A subset of the US population where there is key data on the use of a portal is with the veteran population. In the US, the Department of Veterans Affairs provides healthcare to veterans. There are over 21 million veterans with more than 6 million currently receiving ongoing healthcare. [8]The My HealtheVet system is the portal that enables veterans to access their health information.

A snapshot of My HealtheVet activity between July and September 2017 showed:

  • Just over 1.2 million users (i.e., 6% of total veterans) logged into My HealtheVet [9] equating to 20% of the veteran population receiving healthcare support
  • There were over 1.5 million downloads of summary health records within the 1.2 million users equating to 1.3 downloads per person[6]
  • In terms of frequency of use between October and December 2015, 78% of users reported using the website at least once a year, 45% reported once a month and 28% reported once a week[10]

Additional functions for which veterans use My HealtheVet include[10]:

  • 55% of users refilled a prescription and 27% tracked the prescription delivery
  • 27% used secure messaging with their healthcare providers
  • 34% viewed their appointments

Those who viewed their summary health information using the veterans affairs notes function reported that the key reasons for doing so were because they wanted to know more about their health, they were curious and they wanted to be sure they understood what healthcare providers had said.[11]

In Finland, individuals can access their health information through a portal called Kanta Pages. A snapshot of activity showed:

  • As of December 2016, 1.89 million different individuals had accessed My Kanta pages since launch (approximately 35% of the population) [12]
  • In September 2017, 524,690 individuals (9.7% of the population) accessed My Kanta pages [13]
  • In September 2017, there were 1,142,008 logins, which is approximately 2 per person [13]

In Sweden, individuals can access their health information through a portal called Journalen. A snapshot of activity showed:

  • As of February 2017, 37.9% of the population had set up accounts [14] and between 10,000 and 13,000 new users logged in every day nationally [15]
  • As of December 2017, 46% or 4.6 million Swedish citizens had logged in to access services available on Journalen. [16] This is a significant increase from February 2017 when just over 1 million citizens had accessed their record [15]
  • In April 2018, 1.8 million unique users accessed the Journalen e-service [16]
  • There are approximately 1 million logins to Journalen each month [16]


Globally, providing individuals with access to a key summary of their electronic health information remains a priority for many countries in order to support patients in the self-management of their care and to facilitate communication between patients and healthcare providers. The type of access and control that individuals have with their electronic health information varies from simply viewing to being able to author and add their own information. In addition to accessing summary health information, individuals across the globe are being provided with functions through PHRs and portals that support them in the management of their health (e.g. e-consultation, renew prescriptions).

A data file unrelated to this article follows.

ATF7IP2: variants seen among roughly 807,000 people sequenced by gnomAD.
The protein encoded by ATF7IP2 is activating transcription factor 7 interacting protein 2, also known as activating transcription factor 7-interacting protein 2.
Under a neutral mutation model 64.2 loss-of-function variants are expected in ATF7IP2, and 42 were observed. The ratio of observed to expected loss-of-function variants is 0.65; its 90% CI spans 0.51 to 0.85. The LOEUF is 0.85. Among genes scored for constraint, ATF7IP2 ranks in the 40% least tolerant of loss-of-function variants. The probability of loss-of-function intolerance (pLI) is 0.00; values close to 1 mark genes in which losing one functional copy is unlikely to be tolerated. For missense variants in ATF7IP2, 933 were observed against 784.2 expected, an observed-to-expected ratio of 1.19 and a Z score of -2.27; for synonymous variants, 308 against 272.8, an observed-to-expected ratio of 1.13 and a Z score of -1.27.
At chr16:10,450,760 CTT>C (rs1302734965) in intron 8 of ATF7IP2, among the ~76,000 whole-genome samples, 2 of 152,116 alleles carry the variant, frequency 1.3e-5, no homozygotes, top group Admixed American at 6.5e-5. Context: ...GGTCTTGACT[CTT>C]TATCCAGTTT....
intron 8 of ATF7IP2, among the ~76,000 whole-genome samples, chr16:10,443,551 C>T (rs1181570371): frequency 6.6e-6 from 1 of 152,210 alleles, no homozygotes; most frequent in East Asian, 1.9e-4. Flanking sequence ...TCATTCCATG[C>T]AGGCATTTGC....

1 World Health Organization (WHO). Atlas of eHealth Country Profiles. 2015.
Available from: [Accessed 1st Sept 2017].

2 Oderkirk J. OECD Health Working Paper No. 99 - Readiness of electronic health record systems to contribute to national health information and research. 2017.

3 American Hospital Association. Hospitals Advance Information Sharing, but External Barriers to Increased Data Exchange Remain. Feb 2016. [Accessed 1st Nov 2017].

4 Office of the Australian Information Commissioner – Australian Government. Privacy fact sheet 50: Accessing and correcting your health information. Available from: [Accessed 9th July 2018].

5 Nohr C, Wong MC, Turner P, Almond H, Pary L, Gilstad H, et al. Citizens' Access to their Digital Health Data in Eleven Countries - A Comparative Study. Studies in Health Technology and Informatics. 2016; 228-685.

6 Accenture Consulting. Accenture 2016 Customer Survey on Patient Engagement - Global Report.

7 Patel V, Johnson C. Individuals’ use of online medical records and technology for health needs. ONC Data Brief, no. 40. 2018. Office of the National Coordinator for Health Information Technology: Washington DC.

8 Evans NC_. VA Connected Care: Enhancing Veteran Access and Experience in the USA_. HIMSS Annual Conference & Exhibition 2017. Available from: [Accessed 10th Oct 2017].

9 U.S. Department of Veterans Affairs. My HealtheVet Metrics. Available from: [Accessed 10th Oct 2017].

10 U.S. Department of Veterans Affairs. Hey, My HealtheVet You're in Good Company. Available from: [Accessed 10th Oct 2017].

11 Nazi K, Turvey C, Klein D, et al. VA OpenNotes: exploring the experiences of early patient adopters with access to clinical notes. Journal of the American Medical Informatics Association. 2014;22(2):380-389.

12 Hamalainen P. Governance for the Many Uses of EHR Data. European Health Telematics Association 2017 Symposium. Available from: [Accessed 19th Oct 2017].

13 My Kanta Pages. The use of My Kanta pages in last twelve months 2017. Available from: [Accessed 23rd Nov 2017].

14 Armstrong S. Patient access to health records: striving for the Swedish ideal. The British Medical Journal.2017;357:j2069.

15 Scandurra I, Pettersson M, Hagglund M. When do people read their health record?: analysis of usage data of a national eHealth service giving patients access to their electronic health record. 2017 Conference paper presented at Informatics for Health 2017, Manchester, UK, April 24-26, 2017. Available at: [Accessed 14th June 2018].

16 Hagglund M. Email sent to: Meredith Makeham 24th May 2018.